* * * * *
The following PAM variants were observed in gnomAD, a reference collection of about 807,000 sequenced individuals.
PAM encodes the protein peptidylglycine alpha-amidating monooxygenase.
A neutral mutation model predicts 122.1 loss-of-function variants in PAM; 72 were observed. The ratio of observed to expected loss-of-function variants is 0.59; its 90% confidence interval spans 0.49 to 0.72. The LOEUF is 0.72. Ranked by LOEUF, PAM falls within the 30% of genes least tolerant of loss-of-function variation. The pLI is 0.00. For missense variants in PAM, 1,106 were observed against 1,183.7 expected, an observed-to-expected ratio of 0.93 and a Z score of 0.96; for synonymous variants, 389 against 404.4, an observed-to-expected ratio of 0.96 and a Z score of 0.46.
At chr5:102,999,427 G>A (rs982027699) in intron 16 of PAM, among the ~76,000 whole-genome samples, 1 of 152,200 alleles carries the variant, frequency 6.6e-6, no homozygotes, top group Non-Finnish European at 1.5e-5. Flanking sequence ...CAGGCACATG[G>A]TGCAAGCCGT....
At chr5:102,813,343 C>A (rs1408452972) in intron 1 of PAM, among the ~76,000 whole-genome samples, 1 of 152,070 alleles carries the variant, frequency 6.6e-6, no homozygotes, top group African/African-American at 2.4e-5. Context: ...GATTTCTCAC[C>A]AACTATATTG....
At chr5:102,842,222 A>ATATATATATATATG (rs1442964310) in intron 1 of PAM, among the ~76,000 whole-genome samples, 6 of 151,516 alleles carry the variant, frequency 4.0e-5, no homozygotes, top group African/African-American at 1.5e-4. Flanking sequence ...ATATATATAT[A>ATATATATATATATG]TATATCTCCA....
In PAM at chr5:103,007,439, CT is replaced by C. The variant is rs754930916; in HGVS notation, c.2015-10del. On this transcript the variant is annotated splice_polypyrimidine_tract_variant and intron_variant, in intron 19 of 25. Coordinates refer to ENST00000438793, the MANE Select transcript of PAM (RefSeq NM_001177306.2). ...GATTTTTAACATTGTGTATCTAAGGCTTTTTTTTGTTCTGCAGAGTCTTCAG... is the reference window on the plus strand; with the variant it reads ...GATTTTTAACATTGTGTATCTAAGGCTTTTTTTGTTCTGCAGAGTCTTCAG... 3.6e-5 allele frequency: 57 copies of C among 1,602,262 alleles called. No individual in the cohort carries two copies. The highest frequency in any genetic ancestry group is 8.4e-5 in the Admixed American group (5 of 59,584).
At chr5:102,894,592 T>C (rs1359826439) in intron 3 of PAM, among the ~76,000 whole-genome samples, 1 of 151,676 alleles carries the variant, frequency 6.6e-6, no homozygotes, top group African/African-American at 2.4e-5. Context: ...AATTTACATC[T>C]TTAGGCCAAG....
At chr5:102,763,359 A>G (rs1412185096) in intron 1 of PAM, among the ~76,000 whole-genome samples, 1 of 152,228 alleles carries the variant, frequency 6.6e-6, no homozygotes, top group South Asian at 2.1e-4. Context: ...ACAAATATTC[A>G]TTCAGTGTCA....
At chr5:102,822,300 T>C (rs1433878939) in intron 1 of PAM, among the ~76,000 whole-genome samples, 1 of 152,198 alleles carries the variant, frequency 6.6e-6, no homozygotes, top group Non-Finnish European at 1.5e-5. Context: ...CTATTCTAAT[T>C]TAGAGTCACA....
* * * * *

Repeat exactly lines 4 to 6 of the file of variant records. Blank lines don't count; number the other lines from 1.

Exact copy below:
At chr5:102,999,427 G>A (rs982027699) in intron 16 of PAM, among the ~76,000 whole-genome samples, 1 of 152,200 alleles carries the variant, frequency 6.6e-6, no homozygotes, top group Non-Finnish European at 1.5e-5. Flanking sequence ...CAGGCACATG[G>A]TGCAAGCCGT....
At chr5:102,813,343 C>A (rs1408452972) in intron 1 of PAM, among the ~76,000 whole-genome samples, 1 of 152,070 alleles carries the variant, frequency 6.6e-6, no homozygotes, top group African/African-American at 2.4e-5. Context: ...GATTTCTCAC[C>A]AACTATATTG....
At chr5:102,842,222 A>ATATATATATATATG (rs1442964310) in intron 1 of PAM, among the ~76,000 whole-genome samples, 6 of 151,516 alleles carry the variant, frequency 4.0e-5, no homozygotes, top group African/African-American at 1.5e-4. Flanking sequence ...ATATATATAT[A>ATATATATATATATG]TATATCTCCA....